The business strategy of Amazon consists of investing in technologies, enhancing its logistic applications, improving its web services by fulfillment capacity, M&A strategy, Amazon Web Services (AWS) segment, R&D activities in logistics, and experimenting with Fintech. AI is one tight area where, despite having many competitors, Amazon got a big draw. It is continuously focusing on AI and machine learning to enhance customer experience, as an example for that Amazon’s partnership with Microsoft ensures collaboration for researching in AI, where they developed Cortana and Alexa to communicate service offer to the users. Amazon announced its Alexa everywhere in 2017, and amazingly, it became a massive success despite the presence of other top personal assistants in the market. During the last few years, Amazon made multiple acquisitions to strengthen its core e-commerce operations. Additionally, it also invested in technology companies such as Harvest.ai—a cybersecurity player—and Do.com—a software for meeting productivity needs.

Internationally, and for growing its e-commerce in the region, Amazon expanded its operations by acquiring other businesses such as Souq.com in the Middle East. Recently, Amazon made their first acquisition of 2018, their second-biggest ever, in a deal valued more than $1 billion purchasing Ring, a video doorbell maker who shows their interest in robust home security to flourish their Amazon key service. Amazon has been experimenting with Fintech initiatives and intends to become a prominent player in the Fintech segment (Singh, GreyB Services, 2019).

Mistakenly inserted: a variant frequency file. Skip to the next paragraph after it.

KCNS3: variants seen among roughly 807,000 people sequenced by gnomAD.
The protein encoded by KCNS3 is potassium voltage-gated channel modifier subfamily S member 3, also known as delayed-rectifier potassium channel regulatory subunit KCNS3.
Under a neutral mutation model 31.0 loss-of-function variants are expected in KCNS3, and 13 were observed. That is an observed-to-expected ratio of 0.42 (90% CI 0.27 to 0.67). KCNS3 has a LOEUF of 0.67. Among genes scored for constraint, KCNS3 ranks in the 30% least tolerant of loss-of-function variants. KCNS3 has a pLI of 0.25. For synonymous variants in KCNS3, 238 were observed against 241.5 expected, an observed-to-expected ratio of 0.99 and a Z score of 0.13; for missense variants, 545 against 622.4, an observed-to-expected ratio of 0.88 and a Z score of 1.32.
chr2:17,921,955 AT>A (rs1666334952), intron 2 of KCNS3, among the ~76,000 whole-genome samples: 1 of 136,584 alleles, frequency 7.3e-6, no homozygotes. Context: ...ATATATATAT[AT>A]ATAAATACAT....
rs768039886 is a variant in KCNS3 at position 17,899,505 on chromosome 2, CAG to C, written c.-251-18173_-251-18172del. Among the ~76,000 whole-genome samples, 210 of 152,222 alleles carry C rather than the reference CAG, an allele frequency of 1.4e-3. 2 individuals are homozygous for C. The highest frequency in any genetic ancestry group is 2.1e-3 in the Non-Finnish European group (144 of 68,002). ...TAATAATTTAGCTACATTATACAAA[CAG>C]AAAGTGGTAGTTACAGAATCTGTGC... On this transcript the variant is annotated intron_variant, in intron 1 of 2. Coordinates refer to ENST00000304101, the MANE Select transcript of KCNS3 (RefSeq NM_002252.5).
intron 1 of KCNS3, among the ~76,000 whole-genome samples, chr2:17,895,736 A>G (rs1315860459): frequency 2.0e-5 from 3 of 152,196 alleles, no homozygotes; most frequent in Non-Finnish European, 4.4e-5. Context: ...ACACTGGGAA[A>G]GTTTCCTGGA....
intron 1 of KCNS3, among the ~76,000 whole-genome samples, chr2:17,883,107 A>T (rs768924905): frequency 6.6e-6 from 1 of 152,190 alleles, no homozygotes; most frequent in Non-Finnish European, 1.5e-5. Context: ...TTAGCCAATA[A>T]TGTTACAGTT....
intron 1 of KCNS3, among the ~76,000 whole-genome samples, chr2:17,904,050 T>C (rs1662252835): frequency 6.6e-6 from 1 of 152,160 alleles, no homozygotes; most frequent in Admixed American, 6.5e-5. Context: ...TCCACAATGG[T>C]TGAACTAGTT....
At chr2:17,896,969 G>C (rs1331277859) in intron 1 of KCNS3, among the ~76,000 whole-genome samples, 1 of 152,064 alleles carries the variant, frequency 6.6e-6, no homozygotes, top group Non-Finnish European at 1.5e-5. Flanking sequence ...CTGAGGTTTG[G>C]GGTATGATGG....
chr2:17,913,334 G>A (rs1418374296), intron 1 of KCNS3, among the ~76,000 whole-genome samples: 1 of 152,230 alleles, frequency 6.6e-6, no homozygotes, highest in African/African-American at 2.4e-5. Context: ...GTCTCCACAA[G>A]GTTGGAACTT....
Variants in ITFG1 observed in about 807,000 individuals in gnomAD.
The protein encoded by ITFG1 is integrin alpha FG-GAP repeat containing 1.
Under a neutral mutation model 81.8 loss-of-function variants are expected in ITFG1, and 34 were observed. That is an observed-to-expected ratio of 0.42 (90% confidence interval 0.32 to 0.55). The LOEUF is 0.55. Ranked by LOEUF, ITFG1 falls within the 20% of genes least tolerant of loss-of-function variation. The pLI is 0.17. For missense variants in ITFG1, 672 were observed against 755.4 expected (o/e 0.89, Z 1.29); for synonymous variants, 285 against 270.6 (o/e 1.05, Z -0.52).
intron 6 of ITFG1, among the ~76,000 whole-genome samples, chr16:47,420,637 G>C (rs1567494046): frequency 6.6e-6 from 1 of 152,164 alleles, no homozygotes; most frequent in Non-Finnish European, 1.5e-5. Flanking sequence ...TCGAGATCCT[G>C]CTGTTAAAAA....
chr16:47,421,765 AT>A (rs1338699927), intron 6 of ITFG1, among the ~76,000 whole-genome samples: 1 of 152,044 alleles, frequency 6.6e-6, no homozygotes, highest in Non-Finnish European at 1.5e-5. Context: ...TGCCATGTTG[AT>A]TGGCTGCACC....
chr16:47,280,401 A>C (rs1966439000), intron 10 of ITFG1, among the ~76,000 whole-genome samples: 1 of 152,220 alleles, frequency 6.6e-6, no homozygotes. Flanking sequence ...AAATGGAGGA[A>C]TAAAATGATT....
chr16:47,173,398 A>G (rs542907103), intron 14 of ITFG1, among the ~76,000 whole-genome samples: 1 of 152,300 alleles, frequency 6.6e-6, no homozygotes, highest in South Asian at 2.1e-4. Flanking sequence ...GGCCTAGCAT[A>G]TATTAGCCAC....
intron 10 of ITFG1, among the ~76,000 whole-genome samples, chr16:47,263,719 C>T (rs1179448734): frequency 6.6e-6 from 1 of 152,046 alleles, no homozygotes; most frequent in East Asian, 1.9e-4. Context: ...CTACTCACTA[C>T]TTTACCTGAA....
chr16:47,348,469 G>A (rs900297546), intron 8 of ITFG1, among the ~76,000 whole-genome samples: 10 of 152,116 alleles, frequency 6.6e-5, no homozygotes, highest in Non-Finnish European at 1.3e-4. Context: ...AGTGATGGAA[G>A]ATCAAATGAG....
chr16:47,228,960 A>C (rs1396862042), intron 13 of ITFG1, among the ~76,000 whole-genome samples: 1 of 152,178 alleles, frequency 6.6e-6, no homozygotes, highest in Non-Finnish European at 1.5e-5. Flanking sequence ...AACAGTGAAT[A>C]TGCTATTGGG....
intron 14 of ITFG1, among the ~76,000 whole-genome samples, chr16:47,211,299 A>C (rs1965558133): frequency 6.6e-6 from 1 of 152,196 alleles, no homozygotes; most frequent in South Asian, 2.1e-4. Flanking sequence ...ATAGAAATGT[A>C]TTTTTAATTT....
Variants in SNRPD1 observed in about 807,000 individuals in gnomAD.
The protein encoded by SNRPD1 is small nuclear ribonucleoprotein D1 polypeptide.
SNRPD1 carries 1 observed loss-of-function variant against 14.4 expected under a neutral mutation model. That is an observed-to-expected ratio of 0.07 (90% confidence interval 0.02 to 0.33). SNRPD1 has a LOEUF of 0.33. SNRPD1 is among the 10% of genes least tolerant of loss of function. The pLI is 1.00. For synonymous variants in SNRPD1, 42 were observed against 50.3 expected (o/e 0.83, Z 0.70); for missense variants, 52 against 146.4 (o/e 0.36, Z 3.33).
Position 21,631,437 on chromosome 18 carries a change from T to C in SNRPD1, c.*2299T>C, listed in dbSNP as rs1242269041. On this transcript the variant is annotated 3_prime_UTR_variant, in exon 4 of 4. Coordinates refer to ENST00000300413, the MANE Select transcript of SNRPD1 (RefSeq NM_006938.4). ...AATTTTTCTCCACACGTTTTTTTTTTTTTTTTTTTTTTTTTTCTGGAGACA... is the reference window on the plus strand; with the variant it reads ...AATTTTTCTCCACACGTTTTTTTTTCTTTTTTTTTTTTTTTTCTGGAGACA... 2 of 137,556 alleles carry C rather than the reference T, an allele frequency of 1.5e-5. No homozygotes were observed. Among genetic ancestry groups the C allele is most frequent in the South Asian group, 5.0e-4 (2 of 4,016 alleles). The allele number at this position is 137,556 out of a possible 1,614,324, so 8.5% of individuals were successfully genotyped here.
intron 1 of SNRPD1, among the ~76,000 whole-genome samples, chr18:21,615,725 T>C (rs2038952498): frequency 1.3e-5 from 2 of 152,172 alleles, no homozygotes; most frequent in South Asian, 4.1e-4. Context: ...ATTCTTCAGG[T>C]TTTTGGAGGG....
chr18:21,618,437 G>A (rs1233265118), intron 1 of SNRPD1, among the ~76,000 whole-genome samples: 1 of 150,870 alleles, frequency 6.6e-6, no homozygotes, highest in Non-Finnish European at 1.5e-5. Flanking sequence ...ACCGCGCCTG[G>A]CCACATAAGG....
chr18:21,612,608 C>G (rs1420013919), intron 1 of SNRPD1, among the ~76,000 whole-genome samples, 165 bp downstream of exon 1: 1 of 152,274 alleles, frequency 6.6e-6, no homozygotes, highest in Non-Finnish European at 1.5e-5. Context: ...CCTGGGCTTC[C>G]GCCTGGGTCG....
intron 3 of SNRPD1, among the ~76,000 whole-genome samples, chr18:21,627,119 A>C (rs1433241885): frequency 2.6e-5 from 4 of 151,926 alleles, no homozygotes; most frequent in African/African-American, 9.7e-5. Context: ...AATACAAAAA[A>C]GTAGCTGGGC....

Airbnb Innovation Analytics (New Product Development)

Airbnb is an online marketplace that matches people who rent out their homes— “hosts”—with people who are looking for a place to stay—“guests.” Airbnb uses controlled experiments to make decisions at every step of product development, from design to algorithms. They are important in shaping the user experience. Airbnb is a company with the most prominent digital products in the world today; it’s known for the innovative ways they use their data.

Since its establishment in 2008, Airbnb has led the growth of the sharing economy by allowing thousands of people around the world to rent their homes or spare rooms. At the end of 2011, Airbnb was entering hyper-growth with 13 international offices and over a million nights booked in 182 countries (Kirkland, 2014). One of Airbnb’s fundamental beliefs is that every employee should be empowered to make data-informed decisions. The reason behind this growth is keeping its product- market fit. This changed Airbnb’s entire product strategy and opened them up to develop new business categories. Product-market fit is the only thing that matters for them; they believe that if nobody wants what you’re selling, then you do not have a business. Moreover understanding that Airbnb’s product was the trip gave the team the right constraints to focus on innovation that rolled up to the brand promise, even as the market shifts, they could not have done this without first understanding how the customer saw their product. This allowed them to see what kinds of brand and product extensions were believable to customers and fit into their brand.

Establishing product-market fit can be incredibly challenging and requires much strategic planning around any intended users; the better you know them, the more clearly you understand their needs and motivations, the better you can optimize your product for them. Companies that understand their users better than their competitors can develop a product that’s better fit for their market (Mandelli, 2018), which applies to the NPD concept. As the platform expands and spreads around the world, the data scientists at Airbnb are continually identifying and improving pain points to keep the end to end-user experience frictionless and positive. It is easy to focus on the happy user, the “correct” user path. Product analytics becomes a straightforward, reductive process when everyone does everything right, and everything goes well. You have your product funnel, and you track conversions from point to point.